Holi in India ― Date, History, and Details

Holi in India

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Let's dive deeper into learning more about the history of Holi in India and why people celebrate or observe it.

History of Holi in India and How to Celebrate/ Observe It

Holi is a spring Hindu festival celebrated throughout India and Nepal. It is also known as the “festival of colors” or the “festival of love”. The Holi festival signifies the victory of good over evil, the arrival of spring, end of winter, and for many a festive day to meet others, play and laugh, forget and forgive, and repair broken relationships.

The first evening is known as Holika Dahan (burning of Holika) or Choti Holi and the following day as Holi, Rangwali Holi, Dhuleti, Dhulandi, or Phagwah. Holi is an ancient Hindu religious festival which has become popular with non-Hindus in many parts of South Asia, as well as people of other communities outside Asia.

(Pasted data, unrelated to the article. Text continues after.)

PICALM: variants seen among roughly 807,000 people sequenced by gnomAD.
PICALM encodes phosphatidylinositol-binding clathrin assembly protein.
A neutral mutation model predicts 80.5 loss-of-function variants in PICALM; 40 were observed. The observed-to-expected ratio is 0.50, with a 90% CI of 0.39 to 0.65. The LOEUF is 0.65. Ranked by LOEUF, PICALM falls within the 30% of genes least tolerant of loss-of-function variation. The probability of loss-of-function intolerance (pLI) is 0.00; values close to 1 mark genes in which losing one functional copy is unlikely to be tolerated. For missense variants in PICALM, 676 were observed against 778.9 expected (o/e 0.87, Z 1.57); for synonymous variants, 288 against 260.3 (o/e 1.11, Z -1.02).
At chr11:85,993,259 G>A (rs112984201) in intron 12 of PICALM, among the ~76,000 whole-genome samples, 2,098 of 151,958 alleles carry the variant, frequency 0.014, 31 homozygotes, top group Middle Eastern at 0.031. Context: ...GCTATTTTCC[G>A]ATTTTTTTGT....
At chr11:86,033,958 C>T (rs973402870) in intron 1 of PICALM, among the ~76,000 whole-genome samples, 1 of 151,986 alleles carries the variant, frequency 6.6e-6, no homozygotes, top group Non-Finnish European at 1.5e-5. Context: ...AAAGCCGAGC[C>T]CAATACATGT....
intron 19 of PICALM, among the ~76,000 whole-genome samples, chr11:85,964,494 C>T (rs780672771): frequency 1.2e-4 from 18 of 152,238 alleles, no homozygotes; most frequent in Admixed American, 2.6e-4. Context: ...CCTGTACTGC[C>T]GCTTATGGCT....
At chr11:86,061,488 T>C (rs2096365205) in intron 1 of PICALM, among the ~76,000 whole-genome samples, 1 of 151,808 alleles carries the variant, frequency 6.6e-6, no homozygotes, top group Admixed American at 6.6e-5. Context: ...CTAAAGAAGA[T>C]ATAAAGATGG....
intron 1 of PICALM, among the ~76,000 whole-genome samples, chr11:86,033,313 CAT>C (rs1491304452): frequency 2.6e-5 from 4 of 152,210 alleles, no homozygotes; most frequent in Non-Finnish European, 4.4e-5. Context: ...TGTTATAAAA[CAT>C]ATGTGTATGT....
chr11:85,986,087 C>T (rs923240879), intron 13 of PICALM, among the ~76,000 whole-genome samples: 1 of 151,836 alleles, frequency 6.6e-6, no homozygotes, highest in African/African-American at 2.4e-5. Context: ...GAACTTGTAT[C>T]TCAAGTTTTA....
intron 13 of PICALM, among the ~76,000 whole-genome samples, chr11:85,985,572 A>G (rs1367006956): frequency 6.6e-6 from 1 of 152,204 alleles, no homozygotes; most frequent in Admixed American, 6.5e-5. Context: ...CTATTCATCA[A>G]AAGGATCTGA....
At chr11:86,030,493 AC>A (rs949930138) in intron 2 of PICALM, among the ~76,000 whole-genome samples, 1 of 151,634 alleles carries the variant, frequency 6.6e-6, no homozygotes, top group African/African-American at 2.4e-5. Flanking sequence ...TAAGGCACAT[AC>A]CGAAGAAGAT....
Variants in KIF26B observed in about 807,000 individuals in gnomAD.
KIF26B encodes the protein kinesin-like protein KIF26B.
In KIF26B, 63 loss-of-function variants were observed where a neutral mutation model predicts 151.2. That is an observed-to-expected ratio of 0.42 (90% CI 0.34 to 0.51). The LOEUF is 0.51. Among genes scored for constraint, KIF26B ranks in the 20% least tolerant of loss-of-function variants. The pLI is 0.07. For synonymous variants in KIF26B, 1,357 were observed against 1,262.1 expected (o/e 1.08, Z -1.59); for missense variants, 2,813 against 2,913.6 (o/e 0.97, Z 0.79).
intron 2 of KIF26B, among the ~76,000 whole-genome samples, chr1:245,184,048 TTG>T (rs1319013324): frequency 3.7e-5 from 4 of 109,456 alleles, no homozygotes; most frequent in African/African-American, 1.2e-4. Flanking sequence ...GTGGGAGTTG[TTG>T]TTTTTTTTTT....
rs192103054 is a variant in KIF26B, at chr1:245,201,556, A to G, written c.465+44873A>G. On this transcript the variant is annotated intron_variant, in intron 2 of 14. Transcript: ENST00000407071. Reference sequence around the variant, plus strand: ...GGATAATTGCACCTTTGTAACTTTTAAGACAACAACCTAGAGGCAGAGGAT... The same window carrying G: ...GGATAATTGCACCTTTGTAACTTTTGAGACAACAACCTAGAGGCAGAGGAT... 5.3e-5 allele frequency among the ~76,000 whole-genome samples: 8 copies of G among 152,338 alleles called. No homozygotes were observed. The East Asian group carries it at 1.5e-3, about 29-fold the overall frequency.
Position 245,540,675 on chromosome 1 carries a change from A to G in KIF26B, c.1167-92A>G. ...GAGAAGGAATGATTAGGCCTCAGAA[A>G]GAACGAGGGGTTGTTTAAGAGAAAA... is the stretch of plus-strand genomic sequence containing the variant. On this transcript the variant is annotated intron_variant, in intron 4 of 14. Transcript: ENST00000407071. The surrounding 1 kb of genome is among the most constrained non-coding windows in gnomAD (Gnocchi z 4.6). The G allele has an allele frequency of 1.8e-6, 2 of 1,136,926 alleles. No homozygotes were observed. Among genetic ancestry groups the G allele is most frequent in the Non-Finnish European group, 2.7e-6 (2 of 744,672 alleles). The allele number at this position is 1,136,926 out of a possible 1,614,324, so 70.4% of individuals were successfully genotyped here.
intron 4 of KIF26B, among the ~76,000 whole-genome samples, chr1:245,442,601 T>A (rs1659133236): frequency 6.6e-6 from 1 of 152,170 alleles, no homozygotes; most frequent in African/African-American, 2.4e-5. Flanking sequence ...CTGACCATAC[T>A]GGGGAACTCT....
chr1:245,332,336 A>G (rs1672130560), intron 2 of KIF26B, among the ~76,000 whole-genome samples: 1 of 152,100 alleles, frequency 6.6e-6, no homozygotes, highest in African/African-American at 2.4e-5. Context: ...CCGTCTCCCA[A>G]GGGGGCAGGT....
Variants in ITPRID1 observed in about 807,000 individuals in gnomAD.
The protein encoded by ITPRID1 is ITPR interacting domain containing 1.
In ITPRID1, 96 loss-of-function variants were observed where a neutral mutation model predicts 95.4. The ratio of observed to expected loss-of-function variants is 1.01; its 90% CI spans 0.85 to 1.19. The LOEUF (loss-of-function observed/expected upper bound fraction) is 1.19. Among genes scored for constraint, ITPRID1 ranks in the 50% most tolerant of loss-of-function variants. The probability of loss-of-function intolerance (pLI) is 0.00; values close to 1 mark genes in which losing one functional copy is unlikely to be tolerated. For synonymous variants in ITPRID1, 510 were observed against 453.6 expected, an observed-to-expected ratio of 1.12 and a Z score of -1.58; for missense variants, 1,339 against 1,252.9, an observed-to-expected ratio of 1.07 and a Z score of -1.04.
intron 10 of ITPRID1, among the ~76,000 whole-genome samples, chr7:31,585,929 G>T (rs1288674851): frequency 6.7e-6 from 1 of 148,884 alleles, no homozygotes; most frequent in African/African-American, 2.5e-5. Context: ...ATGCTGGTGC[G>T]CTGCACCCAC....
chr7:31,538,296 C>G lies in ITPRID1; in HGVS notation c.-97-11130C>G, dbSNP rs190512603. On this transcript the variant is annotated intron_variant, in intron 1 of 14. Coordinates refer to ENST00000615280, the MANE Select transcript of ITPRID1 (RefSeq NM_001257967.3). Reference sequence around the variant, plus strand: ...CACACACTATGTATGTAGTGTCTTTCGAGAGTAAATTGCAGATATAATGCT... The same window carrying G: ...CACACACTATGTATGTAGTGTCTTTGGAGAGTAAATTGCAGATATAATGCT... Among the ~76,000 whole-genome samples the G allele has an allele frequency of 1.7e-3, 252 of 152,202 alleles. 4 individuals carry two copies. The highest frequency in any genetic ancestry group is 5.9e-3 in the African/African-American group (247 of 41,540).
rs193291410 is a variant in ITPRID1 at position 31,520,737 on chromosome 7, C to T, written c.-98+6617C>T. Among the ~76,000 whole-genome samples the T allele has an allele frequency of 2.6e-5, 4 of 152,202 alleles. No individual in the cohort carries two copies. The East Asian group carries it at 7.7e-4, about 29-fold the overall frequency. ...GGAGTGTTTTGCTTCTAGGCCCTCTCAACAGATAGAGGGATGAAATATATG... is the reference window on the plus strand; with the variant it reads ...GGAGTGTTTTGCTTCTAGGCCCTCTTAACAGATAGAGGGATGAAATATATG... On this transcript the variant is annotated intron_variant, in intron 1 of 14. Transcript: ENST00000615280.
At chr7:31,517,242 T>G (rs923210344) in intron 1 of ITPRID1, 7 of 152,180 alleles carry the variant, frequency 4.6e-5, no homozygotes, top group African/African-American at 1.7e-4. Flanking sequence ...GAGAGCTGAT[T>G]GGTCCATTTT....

The Holi festival is traditionally celebrated on the full moon day in the Hindu month of Phalguna (early March). This year, Holi will be celebrated on Monday, March 9. The festival has a two-day celebration, with the first day known as Holika Dahan and the second as Rangwali Holi.

On Holika Dahan, people gather around bonfires, offer prayers and sing devotional songs. The next morning, people smear each other with colors and drench each other with water. They also exchange sweets and hug each other to celebrate the spirit of Holi.